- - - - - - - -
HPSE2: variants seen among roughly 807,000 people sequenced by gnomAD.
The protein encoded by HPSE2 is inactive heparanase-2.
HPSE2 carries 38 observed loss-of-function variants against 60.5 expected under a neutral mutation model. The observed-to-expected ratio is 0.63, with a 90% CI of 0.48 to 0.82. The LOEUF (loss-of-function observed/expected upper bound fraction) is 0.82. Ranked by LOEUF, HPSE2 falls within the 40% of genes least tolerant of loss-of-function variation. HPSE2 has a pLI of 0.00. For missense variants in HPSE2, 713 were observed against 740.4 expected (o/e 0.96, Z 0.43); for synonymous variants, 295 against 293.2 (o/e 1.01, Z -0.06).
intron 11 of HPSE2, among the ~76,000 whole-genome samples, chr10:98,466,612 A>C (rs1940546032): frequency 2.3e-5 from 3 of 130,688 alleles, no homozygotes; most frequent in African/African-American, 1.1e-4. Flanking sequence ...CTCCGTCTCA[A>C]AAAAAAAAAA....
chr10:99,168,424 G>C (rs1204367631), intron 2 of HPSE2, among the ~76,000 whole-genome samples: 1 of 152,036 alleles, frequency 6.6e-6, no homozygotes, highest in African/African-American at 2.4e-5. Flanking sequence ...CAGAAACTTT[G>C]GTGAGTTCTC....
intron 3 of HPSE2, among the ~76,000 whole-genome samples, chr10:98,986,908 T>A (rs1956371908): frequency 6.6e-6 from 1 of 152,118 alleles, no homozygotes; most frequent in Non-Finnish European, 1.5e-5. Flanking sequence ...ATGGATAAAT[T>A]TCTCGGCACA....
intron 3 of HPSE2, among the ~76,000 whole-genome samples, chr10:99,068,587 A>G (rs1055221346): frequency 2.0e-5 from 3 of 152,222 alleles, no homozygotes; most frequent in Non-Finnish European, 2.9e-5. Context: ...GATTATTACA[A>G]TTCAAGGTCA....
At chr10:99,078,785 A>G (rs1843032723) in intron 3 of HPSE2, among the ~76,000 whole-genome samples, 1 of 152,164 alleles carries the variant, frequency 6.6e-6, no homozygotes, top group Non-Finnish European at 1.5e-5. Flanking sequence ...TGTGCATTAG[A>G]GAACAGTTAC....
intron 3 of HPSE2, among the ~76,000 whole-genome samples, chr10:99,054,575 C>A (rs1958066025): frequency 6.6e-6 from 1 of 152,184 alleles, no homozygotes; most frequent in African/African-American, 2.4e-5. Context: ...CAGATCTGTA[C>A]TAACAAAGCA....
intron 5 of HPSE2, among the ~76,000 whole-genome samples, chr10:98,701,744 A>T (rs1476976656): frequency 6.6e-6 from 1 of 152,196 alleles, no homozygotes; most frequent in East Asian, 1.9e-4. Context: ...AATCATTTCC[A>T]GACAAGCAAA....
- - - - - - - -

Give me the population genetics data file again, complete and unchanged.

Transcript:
HPSE2: variants seen among roughly 807,000 people sequenced by gnomAD.
The protein encoded by HPSE2 is inactive heparanase-2.
HPSE2 carries 38 observed loss-of-function variants against 60.5 expected under a neutral mutation model. The observed-to-expected ratio is 0.63, with a 90% CI of 0.48 to 0.82. The LOEUF (loss-of-function observed/expected upper bound fraction) is 0.82. Ranked by LOEUF, HPSE2 falls within the 40% of genes least tolerant of loss-of-function variation. HPSE2 has a pLI of 0.00. For missense variants in HPSE2, 713 were observed against 740.4 expected (o/e 0.96, Z 0.43); for synonymous variants, 295 against 293.2 (o/e 1.01, Z -0.06).
intron 11 of HPSE2, among the ~76,000 whole-genome samples, chr10:98,466,612 A>C (rs1940546032): frequency 2.3e-5 from 3 of 130,688 alleles, no homozygotes; most frequent in African/African-American, 1.1e-4. Flanking sequence ...CTCCGTCTCA[A>C]AAAAAAAAAA....
chr10:99,168,424 G>C (rs1204367631), intron 2 of HPSE2, among the ~76,000 whole-genome samples: 1 of 152,036 alleles, frequency 6.6e-6, no homozygotes, highest in African/African-American at 2.4e-5. Flanking sequence ...CAGAAACTTT[G>C]GTGAGTTCTC....
intron 3 of HPSE2, among the ~76,000 whole-genome samples, chr10:98,986,908 T>A (rs1956371908): frequency 6.6e-6 from 1 of 152,118 alleles, no homozygotes; most frequent in Non-Finnish European, 1.5e-5. Flanking sequence ...ATGGATAAAT[T>A]TCTCGGCACA....
intron 3 of HPSE2, among the ~76,000 whole-genome samples, chr10:99,068,587 A>G (rs1055221346): frequency 2.0e-5 from 3 of 152,222 alleles, no homozygotes; most frequent in Non-Finnish European, 2.9e-5. Context: ...GATTATTACA[A>G]TTCAAGGTCA....
At chr10:99,078,785 A>G (rs1843032723) in intron 3 of HPSE2, among the ~76,000 whole-genome samples, 1 of 152,164 alleles carries the variant, frequency 6.6e-6, no homozygotes, top group Non-Finnish European at 1.5e-5. Flanking sequence ...TGTGCATTAG[A>G]GAACAGTTAC....
intron 3 of HPSE2, among the ~76,000 whole-genome samples, chr10:99,054,575 C>A (rs1958066025): frequency 6.6e-6 from 1 of 152,184 alleles, no homozygotes; most frequent in African/African-American, 2.4e-5. Context: ...CAGATCTGTA[C>A]TAACAAAGCA....
intron 5 of HPSE2, among the ~76,000 whole-genome samples, chr10:98,701,744 A>T (rs1476976656): frequency 6.6e-6 from 1 of 152,196 alleles, no homozygotes; most frequent in East Asian, 1.9e-4. Context: ...AATCATTTCC[A>T]GACAAGCAAA....